Mises Daily September 30, 2010

September 30, 2010

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Where Have You Gone, Ludwig von Mises?
by Shawn Ritenour on September 30, 2010

[Mises: The Last Knight of Liberalism • By Ludwig von Mises • Ludwig von Mises Institute, 2007 • xvi + 1143 pages]

Washington’s stunning economic power grabs — healthcare centralization, Keynesian fiscal stimulus, and Federal Reserve bailouts — are creating an unintended consequence: an increasing demand for freedom literature. Exhibit A would have to be F.A. Hayek’s 66-year-old Road to Serfdom recently hitting number one for all books on Amazon.com. Those desiring an even deeper education in the ideas of liberty are well advised to study the life and work of Hayek’s brilliant teacher and friend, Ludwig von Mises.
Mises was the premier Austrian economist of his generation, whose legacy reveals him to be the greatest economist of the 20th century. Almost single handedly, he kept the embers of free-market economics burning during the interwar years. After immigrating to New York during World War II, he helped establish a living legacy of thinkers and authors who understand and promote the nature and consequences of a free society. Mises’s story is magnificently told by Guido Hülsmann in his biography, Mises: The Last Knight of Liberalism.
Hülsmann’s work is a scholarly tour de force that is easily the best, most researched, and most significant biography of Mises. Hülsmann displays an extraordinary knowledge of the economic literature that is both humbling and inspiring. It is clear he has read everything on Mises. Not only has he read and digested Mises’s works, but Hülsmann places Mises in the context of the Austrian historical, political, and social setting. He also shows how Mises and his contribution to economics fit into the larger history of the Austrian tradition. More, Hülsmann successfully contextualizes Mises and the Austrian economic tradition in light of the entire history of economic thought.
Additionally, Hülsmann has crafted a very readable story of the life of Mises. He gives us knowledge about Mises, and allows us to more fully and correctly understand what we thought we already knew. He provides precious information about Mises’s early life and education, documenting the importance of the Hapsburgs’ relative openness to Jewish intellectual life for the milieu into which Mises was born. As for World War I, we gain insight on how Mises’s experience at the front and with the war bureaucracy helped shape his classical-liberal political philosophy and economics. We are provided details of Mises’s early pioneering work in the field of monetary economics, produced while he was working full time with the Austrian Chamber of Commerce.
We get to observe Mises’s valiant work as monetary advisor to the Austrian government that ultimately prevented a German-style collapse of the Austrian krona. We are also treated to an insider’s view of Mises’s efforts with Max Weber to turn the highly influential Association of Social Policy away from German Historicism, establishing social science as a viable discipline. The reader receives an intimate glimpse of Mises’s theoretical achievements relating to economic calculation and the failures of socialism, government intervention, economic epistemology, and business-cycle theory.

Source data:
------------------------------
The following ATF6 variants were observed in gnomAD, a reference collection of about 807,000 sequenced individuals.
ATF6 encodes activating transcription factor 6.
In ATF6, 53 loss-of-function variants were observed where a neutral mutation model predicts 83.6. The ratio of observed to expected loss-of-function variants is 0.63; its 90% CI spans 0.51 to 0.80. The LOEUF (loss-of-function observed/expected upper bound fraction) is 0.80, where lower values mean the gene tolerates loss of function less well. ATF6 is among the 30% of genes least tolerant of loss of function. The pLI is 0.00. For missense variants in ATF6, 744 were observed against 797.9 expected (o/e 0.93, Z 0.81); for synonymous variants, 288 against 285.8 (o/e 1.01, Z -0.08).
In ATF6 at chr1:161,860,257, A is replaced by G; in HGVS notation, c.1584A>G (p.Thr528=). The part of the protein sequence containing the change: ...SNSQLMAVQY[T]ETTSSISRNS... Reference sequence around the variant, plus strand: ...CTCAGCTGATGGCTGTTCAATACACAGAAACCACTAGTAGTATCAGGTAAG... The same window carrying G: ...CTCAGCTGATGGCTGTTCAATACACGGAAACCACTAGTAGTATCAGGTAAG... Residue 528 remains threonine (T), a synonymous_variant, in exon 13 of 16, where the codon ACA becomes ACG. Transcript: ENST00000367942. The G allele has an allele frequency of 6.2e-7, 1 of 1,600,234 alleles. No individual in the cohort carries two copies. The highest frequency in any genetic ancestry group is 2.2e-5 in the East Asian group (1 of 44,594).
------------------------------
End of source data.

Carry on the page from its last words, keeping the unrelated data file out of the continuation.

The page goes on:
Hülsmann’s account of Mises escaping the Nazi attempts to silence him is positively gripping. One of the most page-turning sections of the book chronicles Mises and his wife’s harrowing bus trip through partly occupied territory, culminating in their departure by ship from Lisbon, Portugal. Upon his arrival in New York without his library, without his friends, and without a job, Mises courageously established himself with the help of people like Henry Hazlitt. After gaining a New York University visiting professorship funded by sympathetic businessmen, Mises subsequently became the intellectual fountainhead for the American libertarian movement, in large part by reviving his renowned “private seminar” at NYU. From there he mentored important economists such as Israel Kirzner, Murray Rothbard, and Hans Sennholz.

Hülsmann also explains the importance of Mises’s classic Human Action, which offered a fully integrated, systematic treatise on economics built upon the foundation of all social phenomena. Hülsmann hits the nail on the head in the last chapter of the book by attributing Mises’s staying power and intellectual attractiveness to his realism. Good economics is worth studying and pursuing as a vocation because it is rooted in the reality of human action. It is this economic realism that brings successive generations back to Mises’s work, not out of antiquarian interest, but as a starting point for living economic analysis.
Mises: The Last Knight of Liberalism is a truly amazing scholarly triumph for an author who is only in his early 40s. It demonstrates the highest level of scholarship and is wonderfully written, and by an author for whom English is not his first language. Ultimately, it does what every biography of an intellectual giant should do: it makes the reader want to go back and reread Mises’s own works in light of Hülsmann’s analysis. Anyone at all interested in the life and work of the greatest economist of the 20th century should avail himself of this biography.

Shawn Ritenour teaches economics at Grove City College. Send him mail. See Shawn Ritenour’s article archives.
This article originally published as “Where Have You Gone, Ludwig von Mises? Considering Mises: ‘The Last Knight of Liberalism,'” by the Grove City College Center for Vision and Values, September 13, 2010.
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